Crystal Moselle’s Skate Kitchen opens with teen skater Camille (Rachelle Vinberg) doing flip tricks by herself at the park. Two little boys eye her, kids at least seven years her junior, and yet they’ve already been primed to be intimidating and belittling to girls entering their spaces. Camille injures herself and promises her overzealous mother (Elizabeth Rodriguez) she’ll give up skating, but it’s not that simple. A lonely Long Island teen, Camille scrolls through the Instagram profiles of a group of female NYC skateboarders called Skate Kitchen, faving all their videos, escaping in her imagination to a place where she’s not the only young woman kick-flipping on the concrete. Eventually, she just maps out the long train ride to where the girls skate and tags along, observing them with interest, as though she’s studying the nature of girlhood friendships.
Moselle’s debut documentary, The Wolfpack, about some charismatic siblings who spent their free time painstakingly re-enacting their favorite films, teetered on the edge between vérité and performative realism. The film was a meta-commentary on movie lovers’ susceptibility to the fantasy of cinema spilling over into the real world. Though Moselle’s narrative feature debut, Skate Kitchen, tells a fictional story, the director again draws heavily from her subjects’ own personal histories, this time constructing a story about teen girls finding themselves and each other at the local skate park. In short, Moselle’s documentary reads like truth told as fiction, while Skate Kitchen reads like fiction told as truth. The films make a compelling pair, exploring male and female friendships and analyzing youth through the lenses of mass and social media.
Among the group of skaters Camille befriends is queer comic relief Kurt (Nina Moran), whose first lines are tall-tale boasts about getting fingered in a bush. Kurt is immediately likable, a cad who will push anything right to its tipping point but not so much that anyone would get hurt — emotionally or physically. But these girls are resilient anyway. As the gang sits around, smoking weed and shooting the shit, Kurt waxes poetic on the theory that humanity is currently living in a simulation. She goes hard to convince her friends she speaks the truth, and she shrugs it off when they poke fun at her stoner monologue. There are no hurt feelings or sulking, just good-natured ribbing, something all too rare with girls in the movies. We see that same emotional flexibility when the girls are biting it at the skate park, too; they fall, they get back up and life goes on.
Only, Camille, newly indoctrinated into the Skate Kitchen crew, hasn’t mastered the emotional bounce-back. Even such open, adventurous teens hold to unspoken rules and social codes, and Camille is behind in the game. Her desire for friendship is trumped only by her desire to be admired and seen by boys, who haven’t quite known what to do with a girl so competitive and driven. As with so many coming-of-age films, Skate Kitchen foregrounds a crush, in this case Devon (Jaden Smith), a soft-spoken aspiring photographer who has earned a bad reputation with the Skate Kitchen girls. Everyone tells Camille not to trust him but she’s helpless in his presence. He wants to take photos of her; he sees her.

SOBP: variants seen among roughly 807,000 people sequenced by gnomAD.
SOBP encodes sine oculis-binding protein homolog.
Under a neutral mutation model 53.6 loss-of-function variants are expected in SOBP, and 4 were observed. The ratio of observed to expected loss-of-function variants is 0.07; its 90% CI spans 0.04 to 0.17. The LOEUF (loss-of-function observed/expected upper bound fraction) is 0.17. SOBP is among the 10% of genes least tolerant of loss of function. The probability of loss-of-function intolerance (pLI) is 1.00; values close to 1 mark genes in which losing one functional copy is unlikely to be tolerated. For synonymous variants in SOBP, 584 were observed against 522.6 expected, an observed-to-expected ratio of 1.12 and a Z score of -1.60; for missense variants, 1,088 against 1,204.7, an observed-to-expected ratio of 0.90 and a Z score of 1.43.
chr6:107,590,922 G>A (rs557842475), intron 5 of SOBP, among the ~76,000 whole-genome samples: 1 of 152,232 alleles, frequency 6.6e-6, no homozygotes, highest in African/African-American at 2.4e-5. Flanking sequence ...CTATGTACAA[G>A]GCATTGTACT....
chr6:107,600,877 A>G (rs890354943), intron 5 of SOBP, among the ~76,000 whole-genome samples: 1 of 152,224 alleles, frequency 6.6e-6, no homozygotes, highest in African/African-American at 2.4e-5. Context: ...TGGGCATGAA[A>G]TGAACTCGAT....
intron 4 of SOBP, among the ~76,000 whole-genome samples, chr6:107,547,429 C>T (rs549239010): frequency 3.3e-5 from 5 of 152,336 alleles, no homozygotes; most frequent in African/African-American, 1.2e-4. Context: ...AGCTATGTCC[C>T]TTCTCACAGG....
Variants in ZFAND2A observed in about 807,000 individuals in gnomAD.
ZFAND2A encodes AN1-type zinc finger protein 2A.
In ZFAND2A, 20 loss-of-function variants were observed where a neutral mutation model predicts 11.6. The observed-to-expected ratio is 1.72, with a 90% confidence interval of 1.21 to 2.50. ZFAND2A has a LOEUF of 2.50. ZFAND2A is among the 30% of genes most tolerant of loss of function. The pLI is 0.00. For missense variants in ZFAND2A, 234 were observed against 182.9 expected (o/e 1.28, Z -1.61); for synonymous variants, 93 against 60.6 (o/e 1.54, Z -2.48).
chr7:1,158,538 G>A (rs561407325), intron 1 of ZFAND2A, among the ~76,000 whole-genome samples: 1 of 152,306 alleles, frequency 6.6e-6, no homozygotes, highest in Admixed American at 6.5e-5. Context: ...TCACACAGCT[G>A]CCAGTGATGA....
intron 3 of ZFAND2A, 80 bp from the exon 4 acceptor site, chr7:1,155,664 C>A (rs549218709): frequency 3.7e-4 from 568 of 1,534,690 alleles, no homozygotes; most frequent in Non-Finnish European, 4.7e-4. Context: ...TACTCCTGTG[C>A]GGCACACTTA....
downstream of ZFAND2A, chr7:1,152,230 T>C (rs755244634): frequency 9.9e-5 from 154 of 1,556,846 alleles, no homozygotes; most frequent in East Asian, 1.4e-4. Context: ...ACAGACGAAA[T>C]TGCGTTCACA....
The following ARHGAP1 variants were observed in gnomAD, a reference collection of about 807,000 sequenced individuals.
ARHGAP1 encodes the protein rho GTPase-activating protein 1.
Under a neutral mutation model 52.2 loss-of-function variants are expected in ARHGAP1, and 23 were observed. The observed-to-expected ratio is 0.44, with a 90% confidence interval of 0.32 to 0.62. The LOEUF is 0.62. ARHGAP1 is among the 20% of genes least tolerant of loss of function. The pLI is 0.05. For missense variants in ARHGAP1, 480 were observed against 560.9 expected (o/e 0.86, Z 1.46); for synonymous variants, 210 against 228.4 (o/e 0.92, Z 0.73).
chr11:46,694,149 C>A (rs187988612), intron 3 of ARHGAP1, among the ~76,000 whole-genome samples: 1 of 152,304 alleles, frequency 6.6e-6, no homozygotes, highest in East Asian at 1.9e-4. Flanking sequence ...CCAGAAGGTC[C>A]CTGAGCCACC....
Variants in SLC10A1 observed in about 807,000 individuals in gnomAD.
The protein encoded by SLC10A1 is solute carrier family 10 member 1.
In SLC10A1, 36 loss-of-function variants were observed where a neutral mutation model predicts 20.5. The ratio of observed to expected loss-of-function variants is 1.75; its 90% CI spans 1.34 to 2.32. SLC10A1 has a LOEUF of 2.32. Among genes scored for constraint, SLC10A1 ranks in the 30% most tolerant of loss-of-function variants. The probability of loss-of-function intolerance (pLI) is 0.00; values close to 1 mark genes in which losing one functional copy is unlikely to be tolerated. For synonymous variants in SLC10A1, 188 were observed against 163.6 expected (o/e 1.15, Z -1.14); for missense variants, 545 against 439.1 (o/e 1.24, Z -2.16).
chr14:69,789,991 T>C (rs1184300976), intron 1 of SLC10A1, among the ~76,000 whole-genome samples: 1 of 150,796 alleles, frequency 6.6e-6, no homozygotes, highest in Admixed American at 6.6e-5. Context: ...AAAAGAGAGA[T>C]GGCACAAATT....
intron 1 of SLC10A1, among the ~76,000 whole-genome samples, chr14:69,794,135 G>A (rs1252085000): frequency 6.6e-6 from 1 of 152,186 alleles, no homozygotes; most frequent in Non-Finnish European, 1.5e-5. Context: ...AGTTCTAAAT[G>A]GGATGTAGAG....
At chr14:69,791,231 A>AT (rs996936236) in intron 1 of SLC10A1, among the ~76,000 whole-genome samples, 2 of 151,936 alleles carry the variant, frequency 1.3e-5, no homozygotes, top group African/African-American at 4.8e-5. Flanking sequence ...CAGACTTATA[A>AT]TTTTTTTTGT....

My first instinct while watching Camille fawn over this likely “bad boy” was to roll my eyes. But the truth is: Nearly every girl experiences this brief lapse of judgment during the hormone hurricane. Is it a little cliché? Yup. Is life a little cliché? Oh, definitely. As infuriating as it is that Camille carves her way right into this hazard, Vinberg’s pensive performance rings true. Camille isn’t plotting to sell out her girls and date the boy; she’s bewildered and nose-sliding right into inevitable heartbreak, whether that be from the loss of the boy’s affections or the girls’ friendship.
Camille is generally timid but only perfectly comfortable revealing her angry id to one person, her mother, a perpetually exasperated woman whose cloying nature pushes Camille away. Their relationship is complicated not just by a generational difference but by cultural differences as well. Camille speaks only English, while her mother consistently speaks Spanish to her. That’s emblematic of this boundary-less, utopia-seeking teen whose identity (and sexuality) is fluid, while the older generation is rigid, dogmatic, entrenched in the past. All Camille wants to do is glide into the future but she’s slowly finding out that there’s a big benefit to remembering where you’re from.
Moselle’s film likely will be compared to Larry Clark’s Kids because of its intense realism, but Skate Kitchen is at the vanguard of a new generation of observe-and-report, coming-of-age movies that portray the real lives of young adults without devolving into an all-out exploitation. Bo Burnham’s Eighth Grade and Desiree Akhavan’s The Miseducation of Cameron Post belong there as well. In these films, the adult filmmakers seem to be actually listening to their actors, struggling to understand their perspective without projecting lazy judgments on them. In Skate Kitchen, the kids come as they are, and they’re wildly fascinating.
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